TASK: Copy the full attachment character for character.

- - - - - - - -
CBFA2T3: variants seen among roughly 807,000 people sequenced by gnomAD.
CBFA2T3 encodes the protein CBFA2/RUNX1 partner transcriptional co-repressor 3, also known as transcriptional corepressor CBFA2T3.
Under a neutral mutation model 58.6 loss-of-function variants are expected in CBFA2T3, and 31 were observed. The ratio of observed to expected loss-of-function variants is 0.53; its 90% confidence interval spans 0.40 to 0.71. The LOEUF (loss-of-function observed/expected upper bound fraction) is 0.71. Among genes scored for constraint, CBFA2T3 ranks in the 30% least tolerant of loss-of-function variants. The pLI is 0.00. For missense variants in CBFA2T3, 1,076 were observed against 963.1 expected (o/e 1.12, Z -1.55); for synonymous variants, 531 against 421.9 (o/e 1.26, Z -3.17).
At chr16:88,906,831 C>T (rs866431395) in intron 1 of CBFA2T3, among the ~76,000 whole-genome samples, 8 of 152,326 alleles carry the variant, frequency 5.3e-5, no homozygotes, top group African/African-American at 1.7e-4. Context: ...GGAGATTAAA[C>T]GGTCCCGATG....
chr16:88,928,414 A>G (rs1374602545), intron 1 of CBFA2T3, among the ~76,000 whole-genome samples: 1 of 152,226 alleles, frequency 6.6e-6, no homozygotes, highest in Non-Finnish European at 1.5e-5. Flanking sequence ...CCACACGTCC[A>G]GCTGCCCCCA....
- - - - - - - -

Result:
CBFA2T3: variants seen among roughly 807,000 people sequenced by gnomAD.
CBFA2T3 encodes the protein CBFA2/RUNX1 partner transcriptional co-repressor 3, also known as transcriptional corepressor CBFA2T3.
Under a neutral mutation model 58.6 loss-of-function variants are expected in CBFA2T3, and 31 were observed. The ratio of observed to expected loss-of-function variants is 0.53; its 90% confidence interval spans 0.40 to 0.71. The LOEUF (loss-of-function observed/expected upper bound fraction) is 0.71. Among genes scored for constraint, CBFA2T3 ranks in the 30% least tolerant of loss-of-function variants. The pLI is 0.00. For missense variants in CBFA2T3, 1,076 were observed against 963.1 expected (o/e 1.12, Z -1.55); for synonymous variants, 531 against 421.9 (o/e 1.26, Z -3.17).
At chr16:88,906,831 C>T (rs866431395) in intron 1 of CBFA2T3, among the ~76,000 whole-genome samples, 8 of 152,326 alleles carry the variant, frequency 5.3e-5, no homozygotes, top group African/African-American at 1.7e-4. Context: ...GGAGATTAAA[C>T]GGTCCCGATG....
chr16:88,928,414 A>G (rs1374602545), intron 1 of CBFA2T3, among the ~76,000 whole-genome samples: 1 of 152,226 alleles, frequency 6.6e-6, no homozygotes, highest in Non-Finnish European at 1.5e-5. Flanking sequence ...CCACACGTCC[A>G]GCTGCCCCCA....